Your ovulation/menstrual cycle is divided into two main parts or phases. The follicular phase is the first part or half and is what I'll discuss here. The second part is called the luteal phase.
The follicular phase begins the first day of your menstrual period or menses and ends when you ovulate.
The length of this first half can be anywhere from 10 days or less to 40 or more days. The average is 14 days in a regular 28 day cycle. The length may or may not be consistent each cycle and is different from woman to woman.
During this part of your fertility cycle, there are several things happening to your body and reproductive system.
First, FSH, or follicle stimulating hormone, will rise. This hormone will actually start rising just before your menstruation, during the end of the luteal phase.
At this same time your progesterone levels drop (assuming you haven't fallen pregnant). This signals the pituitary and hypothalamus to signal the increase in FSH production. This drop in progesterone also signals the shed your endometrium or the lining of your uterus. And you get your period.
Day 1 of your menses is the first day of the follicular phase. As you can see, some things will overlap the two parts of your ovulation cycle.
As you've most likely guessed by the name, FSH stimulates the ovarian follicles to grow and produce eggs or ova. Your ovum grows inside a follicle and many follicles are stimulated.
These ovarian follicles grow inside (you guessed it) your ovaries. You have two ovaries, each producing many eggs.
At this time, there is a 'race' to see which egg will be the strongest and the healthiest at ovulation time. This dominant follicle (and therefor, egg) will be the one to be released when you ovulate.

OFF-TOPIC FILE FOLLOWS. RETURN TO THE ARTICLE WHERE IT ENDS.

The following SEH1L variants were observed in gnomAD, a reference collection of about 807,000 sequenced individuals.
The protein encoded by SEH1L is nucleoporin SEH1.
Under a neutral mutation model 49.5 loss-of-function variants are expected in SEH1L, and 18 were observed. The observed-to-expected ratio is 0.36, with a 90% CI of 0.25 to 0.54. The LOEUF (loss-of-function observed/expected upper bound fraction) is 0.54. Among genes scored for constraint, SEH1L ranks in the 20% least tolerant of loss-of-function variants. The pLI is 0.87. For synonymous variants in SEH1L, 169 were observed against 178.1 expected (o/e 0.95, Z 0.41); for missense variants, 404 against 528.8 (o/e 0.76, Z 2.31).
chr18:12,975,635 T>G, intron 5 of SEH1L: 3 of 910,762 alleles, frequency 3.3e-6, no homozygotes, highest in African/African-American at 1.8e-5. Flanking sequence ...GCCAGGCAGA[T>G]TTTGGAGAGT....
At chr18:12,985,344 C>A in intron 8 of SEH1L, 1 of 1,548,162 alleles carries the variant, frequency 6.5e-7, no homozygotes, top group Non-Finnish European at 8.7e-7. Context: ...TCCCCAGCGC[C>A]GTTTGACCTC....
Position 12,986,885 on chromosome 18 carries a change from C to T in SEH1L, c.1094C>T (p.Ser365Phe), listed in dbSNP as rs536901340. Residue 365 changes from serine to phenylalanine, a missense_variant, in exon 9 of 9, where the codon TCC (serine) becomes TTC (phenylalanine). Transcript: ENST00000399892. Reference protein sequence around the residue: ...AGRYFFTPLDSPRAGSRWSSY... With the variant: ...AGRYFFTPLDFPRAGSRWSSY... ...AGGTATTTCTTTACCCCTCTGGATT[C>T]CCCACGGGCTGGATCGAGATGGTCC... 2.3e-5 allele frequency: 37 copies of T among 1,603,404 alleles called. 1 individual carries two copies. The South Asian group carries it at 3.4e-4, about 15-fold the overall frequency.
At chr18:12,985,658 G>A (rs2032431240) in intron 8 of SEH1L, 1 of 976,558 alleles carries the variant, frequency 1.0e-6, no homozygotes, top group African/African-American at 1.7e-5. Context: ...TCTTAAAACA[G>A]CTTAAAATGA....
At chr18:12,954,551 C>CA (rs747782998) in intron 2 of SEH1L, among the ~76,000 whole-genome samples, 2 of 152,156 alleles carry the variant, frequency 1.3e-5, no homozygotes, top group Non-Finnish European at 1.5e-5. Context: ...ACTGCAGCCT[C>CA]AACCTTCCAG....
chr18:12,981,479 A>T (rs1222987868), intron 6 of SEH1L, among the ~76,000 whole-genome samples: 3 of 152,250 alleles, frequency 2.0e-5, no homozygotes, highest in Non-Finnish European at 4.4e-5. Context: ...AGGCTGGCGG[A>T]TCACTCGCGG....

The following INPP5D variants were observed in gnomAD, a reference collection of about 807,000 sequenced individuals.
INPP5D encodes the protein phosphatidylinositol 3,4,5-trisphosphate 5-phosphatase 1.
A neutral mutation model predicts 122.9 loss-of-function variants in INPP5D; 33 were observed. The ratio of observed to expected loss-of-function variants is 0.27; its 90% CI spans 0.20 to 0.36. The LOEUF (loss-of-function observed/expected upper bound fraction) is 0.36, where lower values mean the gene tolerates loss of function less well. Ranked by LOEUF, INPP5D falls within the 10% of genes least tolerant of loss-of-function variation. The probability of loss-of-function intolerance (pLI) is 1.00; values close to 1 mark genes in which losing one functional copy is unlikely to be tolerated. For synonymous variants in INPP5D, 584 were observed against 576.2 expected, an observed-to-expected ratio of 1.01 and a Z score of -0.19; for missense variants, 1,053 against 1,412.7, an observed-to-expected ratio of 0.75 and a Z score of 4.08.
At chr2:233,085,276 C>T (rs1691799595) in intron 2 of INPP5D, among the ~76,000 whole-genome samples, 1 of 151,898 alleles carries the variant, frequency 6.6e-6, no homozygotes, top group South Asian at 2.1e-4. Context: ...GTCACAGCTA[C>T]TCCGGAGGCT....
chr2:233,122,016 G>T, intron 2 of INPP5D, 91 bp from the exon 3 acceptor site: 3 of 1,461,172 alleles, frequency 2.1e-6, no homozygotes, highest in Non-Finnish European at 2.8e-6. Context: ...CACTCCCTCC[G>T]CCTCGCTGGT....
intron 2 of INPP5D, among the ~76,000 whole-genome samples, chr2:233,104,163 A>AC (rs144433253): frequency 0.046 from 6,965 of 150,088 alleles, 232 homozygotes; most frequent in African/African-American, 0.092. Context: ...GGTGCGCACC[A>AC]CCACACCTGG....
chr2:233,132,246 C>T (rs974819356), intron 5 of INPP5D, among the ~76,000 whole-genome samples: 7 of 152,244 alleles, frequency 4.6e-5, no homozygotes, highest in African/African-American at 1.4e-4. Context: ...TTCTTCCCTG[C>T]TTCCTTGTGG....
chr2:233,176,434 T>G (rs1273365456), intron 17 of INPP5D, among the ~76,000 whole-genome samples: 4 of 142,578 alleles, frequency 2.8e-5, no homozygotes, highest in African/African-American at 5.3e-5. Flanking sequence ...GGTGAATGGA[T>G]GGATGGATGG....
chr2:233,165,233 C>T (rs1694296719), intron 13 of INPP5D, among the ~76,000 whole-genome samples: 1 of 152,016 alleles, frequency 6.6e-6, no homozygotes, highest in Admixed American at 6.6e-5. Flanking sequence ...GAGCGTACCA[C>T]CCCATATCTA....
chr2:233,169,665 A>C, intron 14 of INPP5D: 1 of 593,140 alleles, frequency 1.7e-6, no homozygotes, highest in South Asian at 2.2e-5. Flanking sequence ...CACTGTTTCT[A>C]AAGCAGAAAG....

And, of course, there are occasions that more than one egg gets to the dominant stage and then more than one will be released resulting in fraternal twins, triplets, and so forth.
As your eggs or ova grow and mature, they produce estrogen, mostly estradial. This hormone is used by your body and endocrine system for several things. One is estrogen helps grow and thicken the endometrial lining of your uterus. This provides the best environment for implantation of a fertilized egg.
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Another is the changes you observe in your cervical mucus (CM), which is one of the most reliable signs of ovulation.
Near the end of the follicular phase, as you get closer to ovulating, your CM will become thinner and less acidic to become a healthy and nourishing environment for sperm to swim up through your cervix and on to the fallopian tubes to wait for an egg to be released.
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When estradial 'peaks', this signals the pituitary and hypothalamus to slow the production of FSH.
This then signals the increase of LH or luteinizing hormone. LH is the hormone that tells the dominant follicle in one of your ovaries to burst and release the egg. Luteinizing hormone levels rise quickly and then fall slowly, overlapping into the second half of your fertility cycle.
Once you have ovulated, your follicular phase ends and your
luteal phase begins.
FSH-Follicle Stimulating Hormone | Ovarian Follicle | Menstrual Cycle Length | Most Fertile Days | Ovarian Follicle | What Is Ovulation? | When Does Ovulation Occur? | Luteal Phase | Basal Body Temperature | Basal Body Thermometer | Evening Primrose Oil | How Long to Get Pregnant |
The Fertililty Realm › Ovulation Cycle › Follicular Phase
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